The Flying Squirrel is a move that was first executed by Ellis Coleman, who did so at the 2011 World Championships, helping make him a bronze-medal winner along with a SportsCenter staple and a YouTube sensation (one clip of the move is approaching 1 million views). Coleman, a 2012 Olympian, has embraced the move to which he will forever be linked. His Twitter handle is @DaFlyinSquirrel. He told the London media last summer that he bought one as a pet.

Rodriguez-Spencer, however, is not all about the squirrel. He decided to try it with his brother, senior teammate Miguel, in practice (Coleman developed the move with his brother in practice). Renaldo pulled off the move twice during the season, and Miguel did once as well.

Cheektowaga coach Matt Haberl said he and Rodriguez-Spencer did not discuss the move as a possible strategy before the match.

“No way,” Haberl said. “The people at the table who were keeping score asked how many times do you teach that and go over it ... and I said, ‘We don’t.’ This is his move. He does it in practice. He’s doesn’t do it all the time, he’s not trying to showboat it, he’s hit it a couple of times this year and people are expecting to see it, but that’s not him. He’s going out there to win.”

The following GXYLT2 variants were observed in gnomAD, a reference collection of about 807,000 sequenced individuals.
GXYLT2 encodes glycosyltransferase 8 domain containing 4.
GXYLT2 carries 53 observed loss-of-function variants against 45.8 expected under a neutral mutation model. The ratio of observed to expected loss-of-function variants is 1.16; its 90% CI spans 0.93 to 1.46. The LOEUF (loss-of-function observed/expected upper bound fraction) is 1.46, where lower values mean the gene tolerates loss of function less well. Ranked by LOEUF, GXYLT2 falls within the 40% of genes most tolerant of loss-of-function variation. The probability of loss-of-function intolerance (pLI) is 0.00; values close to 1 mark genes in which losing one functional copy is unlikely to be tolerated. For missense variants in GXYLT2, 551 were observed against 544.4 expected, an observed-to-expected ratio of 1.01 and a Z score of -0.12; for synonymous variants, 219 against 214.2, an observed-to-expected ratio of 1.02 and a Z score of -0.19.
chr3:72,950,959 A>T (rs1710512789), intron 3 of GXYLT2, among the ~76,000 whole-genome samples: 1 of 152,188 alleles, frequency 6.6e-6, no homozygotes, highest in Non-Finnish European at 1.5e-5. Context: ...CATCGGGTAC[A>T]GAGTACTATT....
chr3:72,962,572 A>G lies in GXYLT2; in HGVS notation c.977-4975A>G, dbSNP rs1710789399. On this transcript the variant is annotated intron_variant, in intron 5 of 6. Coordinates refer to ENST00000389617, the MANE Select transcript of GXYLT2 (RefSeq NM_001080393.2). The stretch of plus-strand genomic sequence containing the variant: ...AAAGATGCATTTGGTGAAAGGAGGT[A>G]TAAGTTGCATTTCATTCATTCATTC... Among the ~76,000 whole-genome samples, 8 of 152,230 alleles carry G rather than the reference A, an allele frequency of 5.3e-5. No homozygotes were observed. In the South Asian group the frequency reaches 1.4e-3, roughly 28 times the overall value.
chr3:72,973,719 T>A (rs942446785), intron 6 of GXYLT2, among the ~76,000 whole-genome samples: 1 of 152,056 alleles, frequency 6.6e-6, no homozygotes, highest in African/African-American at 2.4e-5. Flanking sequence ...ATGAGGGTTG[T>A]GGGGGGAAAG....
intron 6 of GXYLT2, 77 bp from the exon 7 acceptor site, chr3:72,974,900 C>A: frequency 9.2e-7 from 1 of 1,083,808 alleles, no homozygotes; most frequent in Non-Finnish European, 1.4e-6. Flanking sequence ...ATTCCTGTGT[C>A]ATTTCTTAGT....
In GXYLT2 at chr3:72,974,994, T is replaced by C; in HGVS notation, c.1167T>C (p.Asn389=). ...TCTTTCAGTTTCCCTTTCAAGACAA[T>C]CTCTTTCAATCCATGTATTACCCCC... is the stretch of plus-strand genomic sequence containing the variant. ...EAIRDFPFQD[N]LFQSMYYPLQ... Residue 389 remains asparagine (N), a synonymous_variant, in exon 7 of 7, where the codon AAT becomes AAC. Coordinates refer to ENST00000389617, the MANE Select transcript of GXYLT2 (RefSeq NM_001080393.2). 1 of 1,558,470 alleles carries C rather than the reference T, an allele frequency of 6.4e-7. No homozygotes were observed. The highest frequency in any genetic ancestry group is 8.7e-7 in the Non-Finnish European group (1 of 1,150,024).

Rodriguez-Spencer has such an array of offensive moves that he is almost impossible to defend. He was 47-0 this season at Cheektowaga, and he’d even performed dramatic takedowns in the final seconds before. In the Division II 132-pound state championship, he scored a double-leg takedown to turn a 1-0 deficit into a 2-1 victory — with 1.5 seconds left.

“Over the last four years, everyone knew that he had this great double-leg takedown, and other coaches have been trying to defend it, and making the wrestlers go in different positions,” Haberl said. “To Renaldo’s credit, he’s in here, and he works hard, and we try to figure things out and he tries to figure things out on how not to defend it.